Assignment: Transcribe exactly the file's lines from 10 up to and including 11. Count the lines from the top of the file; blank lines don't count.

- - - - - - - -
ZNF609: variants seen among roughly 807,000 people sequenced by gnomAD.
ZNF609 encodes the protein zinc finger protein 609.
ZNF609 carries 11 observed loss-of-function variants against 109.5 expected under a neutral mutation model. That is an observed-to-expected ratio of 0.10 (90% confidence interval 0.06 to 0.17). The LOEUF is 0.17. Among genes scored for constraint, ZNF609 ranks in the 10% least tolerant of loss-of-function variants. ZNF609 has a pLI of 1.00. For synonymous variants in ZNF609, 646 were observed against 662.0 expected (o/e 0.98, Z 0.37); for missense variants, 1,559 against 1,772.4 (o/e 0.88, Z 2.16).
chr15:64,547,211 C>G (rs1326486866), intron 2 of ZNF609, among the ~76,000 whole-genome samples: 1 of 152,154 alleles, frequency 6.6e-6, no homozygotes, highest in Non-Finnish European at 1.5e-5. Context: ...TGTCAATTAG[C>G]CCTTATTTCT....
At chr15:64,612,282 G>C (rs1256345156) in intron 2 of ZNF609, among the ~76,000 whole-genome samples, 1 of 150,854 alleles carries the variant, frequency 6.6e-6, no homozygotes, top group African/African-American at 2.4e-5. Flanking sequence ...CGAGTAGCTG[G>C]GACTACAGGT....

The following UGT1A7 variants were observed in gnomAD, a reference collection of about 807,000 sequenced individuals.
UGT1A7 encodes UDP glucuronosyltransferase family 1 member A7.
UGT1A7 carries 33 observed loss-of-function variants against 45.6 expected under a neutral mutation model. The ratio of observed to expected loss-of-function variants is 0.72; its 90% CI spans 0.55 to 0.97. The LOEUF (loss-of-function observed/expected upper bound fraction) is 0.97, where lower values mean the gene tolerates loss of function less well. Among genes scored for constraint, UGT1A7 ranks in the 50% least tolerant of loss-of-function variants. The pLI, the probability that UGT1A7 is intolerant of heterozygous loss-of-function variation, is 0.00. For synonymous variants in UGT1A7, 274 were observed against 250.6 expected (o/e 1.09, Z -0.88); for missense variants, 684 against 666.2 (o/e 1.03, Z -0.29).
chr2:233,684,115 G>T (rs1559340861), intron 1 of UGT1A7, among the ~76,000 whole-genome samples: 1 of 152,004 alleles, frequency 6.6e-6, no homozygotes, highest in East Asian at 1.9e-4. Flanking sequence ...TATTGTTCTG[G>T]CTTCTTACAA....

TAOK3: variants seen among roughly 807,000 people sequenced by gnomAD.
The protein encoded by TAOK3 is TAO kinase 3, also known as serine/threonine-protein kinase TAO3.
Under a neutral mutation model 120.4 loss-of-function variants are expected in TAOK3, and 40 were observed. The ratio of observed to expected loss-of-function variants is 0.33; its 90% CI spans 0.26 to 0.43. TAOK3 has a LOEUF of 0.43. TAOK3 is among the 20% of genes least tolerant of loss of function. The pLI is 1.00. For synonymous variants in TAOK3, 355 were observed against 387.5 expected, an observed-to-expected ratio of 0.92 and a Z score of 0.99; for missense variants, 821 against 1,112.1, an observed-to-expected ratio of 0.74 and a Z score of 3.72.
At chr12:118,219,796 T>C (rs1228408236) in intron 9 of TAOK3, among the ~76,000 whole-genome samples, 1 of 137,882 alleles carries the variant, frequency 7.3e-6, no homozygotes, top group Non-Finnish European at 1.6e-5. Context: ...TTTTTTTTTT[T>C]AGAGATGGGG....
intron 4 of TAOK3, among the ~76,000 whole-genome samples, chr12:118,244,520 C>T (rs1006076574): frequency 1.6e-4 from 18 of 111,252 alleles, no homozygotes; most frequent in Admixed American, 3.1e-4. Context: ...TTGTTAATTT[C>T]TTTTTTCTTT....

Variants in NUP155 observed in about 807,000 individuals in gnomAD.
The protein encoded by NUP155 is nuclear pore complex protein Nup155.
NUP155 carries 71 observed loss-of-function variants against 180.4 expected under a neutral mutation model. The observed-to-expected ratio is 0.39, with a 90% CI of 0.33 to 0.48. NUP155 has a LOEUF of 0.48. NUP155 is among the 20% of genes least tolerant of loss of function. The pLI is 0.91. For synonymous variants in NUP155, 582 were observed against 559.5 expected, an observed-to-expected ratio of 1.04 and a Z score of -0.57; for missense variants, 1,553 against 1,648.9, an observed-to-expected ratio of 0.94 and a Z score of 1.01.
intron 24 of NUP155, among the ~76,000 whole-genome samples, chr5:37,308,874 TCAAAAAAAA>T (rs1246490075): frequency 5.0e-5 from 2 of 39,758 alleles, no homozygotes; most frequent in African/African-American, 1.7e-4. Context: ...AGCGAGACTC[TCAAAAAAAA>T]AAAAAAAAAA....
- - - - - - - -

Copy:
TAOK3: variants seen among roughly 807,000 people sequenced by gnomAD.
The protein encoded by TAOK3 is TAO kinase 3, also known as serine/threonine-protein kinase TAO3.